Meet Faina McCoy, a young girl caught in a perilous scheme of elaborate lies created for her own harrowing system of survival. Enmeshed in a tangled family web, Faina is abruptly uprooted against her will from her father and finds herself half a continent away on the doorstep of a mother who abandoned her years before – but who can't live without Faina now. Alone, persecuted, and exploited, Faina must fend for herself as she searches for love and answers, navigating the streets of a strange city and forging bonds of feeling with liars and outlaws.
Where No Gods Came is a powerful look at assimilation and resilience and the sacrifices we all make to adapt. It's a potent reminder, too, of the tenacity and courage required of fragile families who endure on the edge. Faina McCoy triumphs as an unlikely — and unforgettable — heroine, a stubborn child who will survive to tell the tale.
Praise for Where No Gods Came:
"A novel to stir even the coldest heart...O'Connor's debut novel moves, evokes, and delights. With character studies reminiscent of James Baldwin's masterwork Go Tell It on the Mountain, O'Connor suffuses her imagined world with such feeling that readers live the pages more than read them. A flawlessly nuanced work of fiction with a steadily increasing intensity, Where No Gods Came is a brilliant work of storytelling -- and what we hope is just the beginning of a long, artful career." — The Barnes & Noble Review from Discover Great New Writers
"...a touching odyssey of a girl poised between the emotional abyss and the reader's heart." — Minneapolis Star and Tribune
"...a fresh and moving coming-of-age novel, a memorable portrait of the artist a scrawny young girl...Faina is a fairy-tale heroine, the dark haired younger sister exiled in an alien land, unwanted, dressed in her sister's discarded granny gowns and cracked-vinyl boots, consigned not to sweeping cinders exactly but to scrubbing her mother's puke in a dingy apartment. If Where No Gods Came is a kind of fairy tale, it's the real thing, as told by Grimm not Disney, full of real menace, sharp edges and rough corners, strangeness and, ultimately, the possibility of grace. It's a story about the power of love and guts and imagination to sustain a skinny kid in a hard world." — Buffalo News, Mick Cochrane, Author of Flesh Wounds and Sport
"O'Connor effectively captures the naiveté of the child and the burgeoning perceptiveness of the teenager. The relationship between the sisters is the soul of the novel, as they journey from loathing to loyalty and love. Written with precision and perception, this is a highly recommended work from a writer to watch." — Caroline M. Hallsworth, City of Greater Sudbury, Ont. Copyright 2003 Reed Business Information. Library Journal
"Above all Where No Gods Came is a novel about resiliency and hope; that at the end of all the darkness, personal courage and trust prevail; that grace is a story of transcendence, in whatever limited human form it may take; and that for every Faina of our world, there are a hundred more—girls of fierce intelligence and determination stuck in unfortunate circumstances. It is a story for our time." — Three Candles, Steve Mueske, Editor
"Where No Gods Came accomplishes that difficult thing: it's a
coherent story about incoherence, a shapely one about the lures of
shapelessness. The various voices ring true. Ms. O'Connor writes of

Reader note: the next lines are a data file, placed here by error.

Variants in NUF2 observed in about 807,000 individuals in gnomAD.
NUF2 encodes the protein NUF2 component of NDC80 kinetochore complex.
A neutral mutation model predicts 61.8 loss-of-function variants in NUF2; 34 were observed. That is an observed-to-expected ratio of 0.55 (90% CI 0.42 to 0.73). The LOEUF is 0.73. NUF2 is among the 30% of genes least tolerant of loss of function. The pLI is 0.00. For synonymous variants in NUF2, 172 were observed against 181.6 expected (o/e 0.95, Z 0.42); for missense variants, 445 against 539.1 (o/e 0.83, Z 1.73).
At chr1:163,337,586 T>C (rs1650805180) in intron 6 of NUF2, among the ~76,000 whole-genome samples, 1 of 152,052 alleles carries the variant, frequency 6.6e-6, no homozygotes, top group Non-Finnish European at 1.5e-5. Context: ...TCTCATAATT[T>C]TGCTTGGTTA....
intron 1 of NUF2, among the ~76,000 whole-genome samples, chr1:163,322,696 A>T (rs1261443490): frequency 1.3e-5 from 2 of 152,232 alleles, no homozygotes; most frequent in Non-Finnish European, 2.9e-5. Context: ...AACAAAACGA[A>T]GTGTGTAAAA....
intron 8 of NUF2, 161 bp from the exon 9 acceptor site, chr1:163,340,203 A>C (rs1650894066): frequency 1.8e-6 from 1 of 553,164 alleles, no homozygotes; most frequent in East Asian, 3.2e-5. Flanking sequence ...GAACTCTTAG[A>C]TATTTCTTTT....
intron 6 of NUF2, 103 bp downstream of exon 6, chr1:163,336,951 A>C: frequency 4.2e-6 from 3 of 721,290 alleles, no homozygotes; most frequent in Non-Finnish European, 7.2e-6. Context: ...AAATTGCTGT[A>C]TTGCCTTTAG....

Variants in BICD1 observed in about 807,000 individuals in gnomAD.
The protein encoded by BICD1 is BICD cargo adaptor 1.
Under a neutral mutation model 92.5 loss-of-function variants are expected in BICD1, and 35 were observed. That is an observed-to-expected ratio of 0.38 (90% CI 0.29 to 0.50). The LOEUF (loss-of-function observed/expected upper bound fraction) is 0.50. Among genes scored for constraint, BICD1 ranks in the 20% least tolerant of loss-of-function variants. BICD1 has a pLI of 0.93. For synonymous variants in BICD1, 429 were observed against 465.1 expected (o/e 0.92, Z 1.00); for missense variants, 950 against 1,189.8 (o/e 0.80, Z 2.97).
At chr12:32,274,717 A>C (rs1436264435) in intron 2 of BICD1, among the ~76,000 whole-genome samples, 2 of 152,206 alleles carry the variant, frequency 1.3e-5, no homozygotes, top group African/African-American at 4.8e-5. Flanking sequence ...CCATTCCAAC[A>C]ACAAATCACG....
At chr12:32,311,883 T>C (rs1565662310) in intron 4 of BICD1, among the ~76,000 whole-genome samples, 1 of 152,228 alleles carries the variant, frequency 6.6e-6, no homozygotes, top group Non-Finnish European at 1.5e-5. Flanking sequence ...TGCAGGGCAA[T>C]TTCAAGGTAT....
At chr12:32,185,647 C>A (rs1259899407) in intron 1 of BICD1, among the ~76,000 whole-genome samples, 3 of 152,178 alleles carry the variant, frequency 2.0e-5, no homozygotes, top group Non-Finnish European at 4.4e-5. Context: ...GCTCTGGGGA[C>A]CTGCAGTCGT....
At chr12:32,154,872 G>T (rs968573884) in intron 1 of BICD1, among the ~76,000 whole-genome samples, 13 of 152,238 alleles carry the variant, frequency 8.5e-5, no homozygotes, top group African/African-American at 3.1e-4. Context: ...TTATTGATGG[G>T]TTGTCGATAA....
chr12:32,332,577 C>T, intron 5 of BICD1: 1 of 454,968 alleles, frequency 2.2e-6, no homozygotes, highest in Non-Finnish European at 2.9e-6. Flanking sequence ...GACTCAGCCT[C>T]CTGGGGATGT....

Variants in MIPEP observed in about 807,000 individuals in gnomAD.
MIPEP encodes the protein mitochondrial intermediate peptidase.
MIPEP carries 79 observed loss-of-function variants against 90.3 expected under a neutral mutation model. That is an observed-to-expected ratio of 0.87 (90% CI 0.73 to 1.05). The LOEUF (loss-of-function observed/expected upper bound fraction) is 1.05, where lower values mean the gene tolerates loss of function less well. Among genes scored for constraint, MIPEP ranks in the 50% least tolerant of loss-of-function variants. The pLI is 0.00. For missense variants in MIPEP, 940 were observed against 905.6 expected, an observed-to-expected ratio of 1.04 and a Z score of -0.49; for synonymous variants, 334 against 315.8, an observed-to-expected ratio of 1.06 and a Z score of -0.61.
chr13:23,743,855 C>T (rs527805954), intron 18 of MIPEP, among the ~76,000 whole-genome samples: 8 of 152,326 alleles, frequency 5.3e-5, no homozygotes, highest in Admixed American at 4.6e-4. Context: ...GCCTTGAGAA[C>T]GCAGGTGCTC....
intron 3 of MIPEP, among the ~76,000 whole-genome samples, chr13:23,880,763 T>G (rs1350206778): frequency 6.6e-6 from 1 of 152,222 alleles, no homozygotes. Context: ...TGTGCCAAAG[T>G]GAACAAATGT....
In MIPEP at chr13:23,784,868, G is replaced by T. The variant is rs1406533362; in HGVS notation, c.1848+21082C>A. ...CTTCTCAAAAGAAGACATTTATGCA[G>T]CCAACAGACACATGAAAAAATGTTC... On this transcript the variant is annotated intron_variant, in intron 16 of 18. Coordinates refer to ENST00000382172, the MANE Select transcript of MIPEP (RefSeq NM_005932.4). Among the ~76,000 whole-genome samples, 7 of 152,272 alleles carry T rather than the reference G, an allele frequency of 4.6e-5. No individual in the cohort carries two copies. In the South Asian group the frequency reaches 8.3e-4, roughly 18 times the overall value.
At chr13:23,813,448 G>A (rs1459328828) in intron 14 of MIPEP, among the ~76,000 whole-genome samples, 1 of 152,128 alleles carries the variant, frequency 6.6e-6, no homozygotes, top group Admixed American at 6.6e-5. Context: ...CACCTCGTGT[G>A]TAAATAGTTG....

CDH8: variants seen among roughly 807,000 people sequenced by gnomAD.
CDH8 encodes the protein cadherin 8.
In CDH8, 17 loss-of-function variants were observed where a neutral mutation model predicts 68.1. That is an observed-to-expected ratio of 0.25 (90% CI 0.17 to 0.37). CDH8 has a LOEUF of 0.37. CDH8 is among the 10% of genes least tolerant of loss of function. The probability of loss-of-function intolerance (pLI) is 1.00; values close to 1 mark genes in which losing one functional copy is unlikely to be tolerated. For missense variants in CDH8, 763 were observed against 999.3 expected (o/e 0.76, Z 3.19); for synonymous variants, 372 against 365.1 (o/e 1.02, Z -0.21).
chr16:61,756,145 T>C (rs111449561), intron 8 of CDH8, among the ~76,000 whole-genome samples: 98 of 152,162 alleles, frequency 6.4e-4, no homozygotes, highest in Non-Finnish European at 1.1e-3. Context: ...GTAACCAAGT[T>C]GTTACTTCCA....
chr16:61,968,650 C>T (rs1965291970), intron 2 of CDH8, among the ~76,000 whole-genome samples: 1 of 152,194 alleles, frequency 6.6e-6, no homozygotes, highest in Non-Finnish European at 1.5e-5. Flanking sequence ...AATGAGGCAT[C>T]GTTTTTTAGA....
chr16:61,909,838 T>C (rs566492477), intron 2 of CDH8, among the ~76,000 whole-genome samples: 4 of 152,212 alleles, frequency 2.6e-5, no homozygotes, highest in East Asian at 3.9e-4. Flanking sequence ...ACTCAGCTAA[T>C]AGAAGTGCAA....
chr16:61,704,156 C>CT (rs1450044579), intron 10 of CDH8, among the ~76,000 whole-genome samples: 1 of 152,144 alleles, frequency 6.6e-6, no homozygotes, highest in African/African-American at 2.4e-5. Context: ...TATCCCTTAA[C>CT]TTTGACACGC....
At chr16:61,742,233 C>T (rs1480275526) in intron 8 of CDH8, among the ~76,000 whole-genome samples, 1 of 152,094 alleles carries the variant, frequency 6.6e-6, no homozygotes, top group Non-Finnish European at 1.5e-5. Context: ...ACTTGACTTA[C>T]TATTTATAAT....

family and love and loss and youth at risk and hard-earned pleasure; she does so with a noticing eye and tone-perfect ear. Her sense of the
landscape here described—both actual and metaphorical—is keen, and her language self-assured. This is a fine, fierce book." — Nicholas Delbanco; Michigan Literary Award judge ;In the Name of Mercy; Old Scores; What Remains
"For a single mother of three, and a writer who reads countless books a year, to stay up most of the night to finish a novel means it must be a heck of a story: and Sheila O'Connor's novel was, so compelling in the landscape of urban hardscrabble Minneapolis, and the interior horizons of a damaged mother and her two daughters trying to build their own fable of a family. Fervent and despairing and truth-hard, this novel kept me spellbound, hurtling toward a hoped-for redemption." — Susan Straight, Highwire Moon
"In Where No Gods Came, Sheila O'Connor fearlessly takes us inside a family long past the breaking point, reminding us of the power of love, the pain of separation, and introducing me to one of the most compelling young women I've met in a long time. Resilient, vulnerable and with a heart as big as they come, Faina McCoy will break your heart. I didn't want her story to end." — David Haynes, All American Dream Dolls, Live at Five and Somebody Else's Mama.
"Sheila O'Connor's beautifully readable novel about young girls living close to the precipice is truthful, tough and filled with delicate hope. She shows how we all survive by inches, by grace." — Maureen Gibbon, Swimming Sweet Arrow
"Sheila O’Connor’s protagonist, Faina McCoy, is sure to take her place among a long list of unforgettable adolescent heroines – Scout Finch, Jane Eyre, Jo March, Ruth Ann (Bone) Boatwright Frankie Adams, Sula Peace, Kate Vaiden – all of them smart, gutsy girls whose strong hearts capture the reader’s own. Where No Gods Came is an unflinchingly true and real portrait of a family; the deep and myriad ways in which people hurt and are hurt by each other; and the capacity in the human spirit to love and endure." — Mary Francois Rockcastle, Rainy Lake
"This is a beautifully written story about the ways in which people find the strength to move on—physically, emotionally and spiritually. Long after the last page is turned, you’ll find yourself thinking about the people who have graced them. Faina’s strength stays with me." — Jacqueline Woodson, Autobiography of a Family Photo